Easy Blueberry Oat Pancakes

Oats + cottage cheese + eggs = pancake? I was very suspicious when I spotted this recipe in Red magazine yesterday. But it was Sunday morning and all that watching Rafa Nadal's sexy legs at the Australian Open was making me hungry.

I was surprised at how tasty these babies were, considering the modest list of ingredients. And since you blast the ingredients together in a food processor until they're totally smooth (except the blueberries) they didn't taste at all cottage cheesy or eggy, which I'd feared. You might make them and think that ain't a pancake – for one, they're not as fluffy as the traditional floury kind. But speaking as as a non-connoisseur of pancakes they tasted good and Sunday breakfast-y to me. Stupidly quick to make, a healthy balance of ingredients and very filling. WILL MAKE AGAIN A++.


Easy Blueberry Oat Pancakes

from James Duigan's Clean & Lean Diet Cookbook, via Red magazine, March 2012.

Serves 1 very generously, or 2 with more restrain than I.

50g/1.75oz rolled oats
100g/3.5oz low fat cottage cheese
2 eggs
1/2 teaspoon cinnamon
50g/1.75oz blueberries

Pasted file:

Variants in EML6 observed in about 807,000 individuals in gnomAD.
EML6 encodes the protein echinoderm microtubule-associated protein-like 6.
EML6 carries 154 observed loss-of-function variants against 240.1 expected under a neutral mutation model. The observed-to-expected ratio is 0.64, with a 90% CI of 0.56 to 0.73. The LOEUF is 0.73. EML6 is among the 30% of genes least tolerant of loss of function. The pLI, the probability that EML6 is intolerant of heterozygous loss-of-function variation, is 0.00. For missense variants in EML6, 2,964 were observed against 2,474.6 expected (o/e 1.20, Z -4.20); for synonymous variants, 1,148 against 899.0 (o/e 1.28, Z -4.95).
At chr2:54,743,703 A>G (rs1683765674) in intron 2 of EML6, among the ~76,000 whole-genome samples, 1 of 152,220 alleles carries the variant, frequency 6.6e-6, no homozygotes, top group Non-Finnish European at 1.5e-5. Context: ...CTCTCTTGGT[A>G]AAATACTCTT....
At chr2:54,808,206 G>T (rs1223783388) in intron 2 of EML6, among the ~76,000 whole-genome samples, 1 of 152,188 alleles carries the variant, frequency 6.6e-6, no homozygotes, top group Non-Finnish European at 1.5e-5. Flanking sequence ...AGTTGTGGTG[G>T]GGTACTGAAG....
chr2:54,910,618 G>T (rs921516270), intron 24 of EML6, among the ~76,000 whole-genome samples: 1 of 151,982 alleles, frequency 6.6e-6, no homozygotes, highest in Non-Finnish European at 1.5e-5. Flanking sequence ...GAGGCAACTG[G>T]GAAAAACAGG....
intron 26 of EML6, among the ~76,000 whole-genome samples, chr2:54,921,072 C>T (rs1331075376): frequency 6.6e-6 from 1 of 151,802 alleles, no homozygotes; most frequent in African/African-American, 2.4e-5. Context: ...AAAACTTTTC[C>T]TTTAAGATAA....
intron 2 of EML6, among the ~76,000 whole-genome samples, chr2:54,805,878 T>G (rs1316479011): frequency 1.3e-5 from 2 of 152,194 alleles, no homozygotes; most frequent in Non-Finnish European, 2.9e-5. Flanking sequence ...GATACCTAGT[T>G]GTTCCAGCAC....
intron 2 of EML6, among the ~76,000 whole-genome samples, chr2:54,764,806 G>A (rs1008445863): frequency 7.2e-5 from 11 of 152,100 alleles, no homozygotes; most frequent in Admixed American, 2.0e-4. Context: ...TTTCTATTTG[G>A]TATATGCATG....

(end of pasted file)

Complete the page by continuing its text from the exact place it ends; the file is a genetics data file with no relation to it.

1. Blend all the ingredients except the blueberries in a small food processor until smooth
  2. Pour a ladleful into a heated non-stick pan, and cook for two minures each side (I just poured it in straight from the food processor bowl, then pressed in the blueberries, cooked for two minutes, then flipped over)
  3. Eat while observing epic feats of athleticism on the telly.

Screenshot from weightlossresources.co.uk.

The Great Crumpet Smackdown

The Great Crumpet Smackdown took place in a Weight Watchers meeting when I was about 13 years old. This was in the days before Points. Weight Watchers didn't let you eat just any old thing you fancied back then. It had to be on The List of Stuff You're Allowed To Eat.

One night after weigh-in we were sitting around in a circle airing our grievances and confessing our sins when a woman asked our lovely leader, "Why can't I have a crumpet?"

"Crumpets are not on the list."

"Why not? I read the nutritonal information on the packet. One crumpet is only 330 kilojoules (86 calories). That's less than a piece of bread. It doesn't make any sense!"

"They're not on the list!"

"We can have bread, bread rolls, pita bread, English muffins… but no crumpets. What's so wrong about a crumpet?"

"Because they're inevitably served dripping with butter! And/or honey!"

"But I don't HAVE butter or honey on my crumpet. I don't even have Weight Watchers Whipped Margarine! I have a plain, toasted crumpet with either banana or Vegemite."

"They're not on the list."

"WHY aren't they on the list?"

And on it went.

I remember being conflicted on the issue. Part of me thought, "Well hey, if it's not on the list, you know… we really should obey the list". But the teenager hitherto lacking a cause to rebel against was thinking, "Just let the woman eat her bloody crumpet!"